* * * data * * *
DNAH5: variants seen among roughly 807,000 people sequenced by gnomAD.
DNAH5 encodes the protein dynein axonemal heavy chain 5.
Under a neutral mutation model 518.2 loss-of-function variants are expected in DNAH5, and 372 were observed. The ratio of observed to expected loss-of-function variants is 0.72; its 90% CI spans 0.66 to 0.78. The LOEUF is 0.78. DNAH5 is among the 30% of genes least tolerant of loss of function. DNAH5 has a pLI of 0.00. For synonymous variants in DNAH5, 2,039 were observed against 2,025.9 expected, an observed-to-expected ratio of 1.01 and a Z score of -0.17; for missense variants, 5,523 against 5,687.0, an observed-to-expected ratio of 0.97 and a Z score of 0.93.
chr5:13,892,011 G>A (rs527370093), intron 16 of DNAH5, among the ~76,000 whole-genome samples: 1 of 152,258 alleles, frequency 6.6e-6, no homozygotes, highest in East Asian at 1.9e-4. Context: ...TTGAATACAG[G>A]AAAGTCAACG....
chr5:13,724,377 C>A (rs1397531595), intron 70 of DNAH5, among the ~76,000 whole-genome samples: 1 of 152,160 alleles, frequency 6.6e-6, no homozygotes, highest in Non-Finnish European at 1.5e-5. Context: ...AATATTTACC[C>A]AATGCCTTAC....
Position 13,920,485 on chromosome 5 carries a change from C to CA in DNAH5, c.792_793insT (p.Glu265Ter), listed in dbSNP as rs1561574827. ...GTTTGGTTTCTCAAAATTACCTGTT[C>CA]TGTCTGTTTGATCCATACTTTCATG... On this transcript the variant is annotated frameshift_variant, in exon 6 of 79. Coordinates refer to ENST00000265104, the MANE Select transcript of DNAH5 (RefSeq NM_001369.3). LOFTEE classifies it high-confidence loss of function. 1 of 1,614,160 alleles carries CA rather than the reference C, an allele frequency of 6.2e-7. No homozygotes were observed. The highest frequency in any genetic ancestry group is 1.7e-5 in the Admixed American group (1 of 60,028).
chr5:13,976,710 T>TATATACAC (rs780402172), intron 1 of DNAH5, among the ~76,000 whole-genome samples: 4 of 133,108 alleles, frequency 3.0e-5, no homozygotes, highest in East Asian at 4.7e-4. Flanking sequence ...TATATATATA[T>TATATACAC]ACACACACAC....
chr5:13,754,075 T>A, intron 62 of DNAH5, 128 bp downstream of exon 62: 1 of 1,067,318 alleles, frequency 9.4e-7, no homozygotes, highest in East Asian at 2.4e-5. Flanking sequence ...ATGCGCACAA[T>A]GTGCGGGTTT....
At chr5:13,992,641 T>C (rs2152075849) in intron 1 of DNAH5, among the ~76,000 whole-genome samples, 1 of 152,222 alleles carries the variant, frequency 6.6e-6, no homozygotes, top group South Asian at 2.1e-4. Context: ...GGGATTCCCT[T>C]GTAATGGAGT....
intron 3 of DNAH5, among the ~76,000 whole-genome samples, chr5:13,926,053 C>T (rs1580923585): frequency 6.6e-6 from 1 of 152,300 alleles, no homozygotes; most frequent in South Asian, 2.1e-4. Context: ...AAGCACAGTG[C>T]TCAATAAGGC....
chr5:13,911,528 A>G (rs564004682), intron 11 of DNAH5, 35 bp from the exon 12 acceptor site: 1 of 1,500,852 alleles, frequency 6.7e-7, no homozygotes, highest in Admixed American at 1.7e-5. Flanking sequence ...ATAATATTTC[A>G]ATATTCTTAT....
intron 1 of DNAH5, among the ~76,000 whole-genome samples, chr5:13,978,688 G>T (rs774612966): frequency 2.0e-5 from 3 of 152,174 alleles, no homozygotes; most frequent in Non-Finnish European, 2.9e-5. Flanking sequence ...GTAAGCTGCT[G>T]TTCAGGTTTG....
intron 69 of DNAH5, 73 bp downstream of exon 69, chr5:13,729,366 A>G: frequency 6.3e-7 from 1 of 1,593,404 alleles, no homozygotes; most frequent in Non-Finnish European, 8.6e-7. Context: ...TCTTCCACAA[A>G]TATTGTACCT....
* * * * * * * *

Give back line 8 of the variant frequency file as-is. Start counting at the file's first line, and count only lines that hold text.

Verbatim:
chr5:13,754,075 T>A, intron 62 of DNAH5, 128 bp downstream of exon 62: 1 of 1,067,318 alleles, frequency 9.4e-7, no homozygotes, highest in East Asian at 2.4e-5. Flanking sequence ...ATGCGCACAA[T>A]GTGCGGGTTT....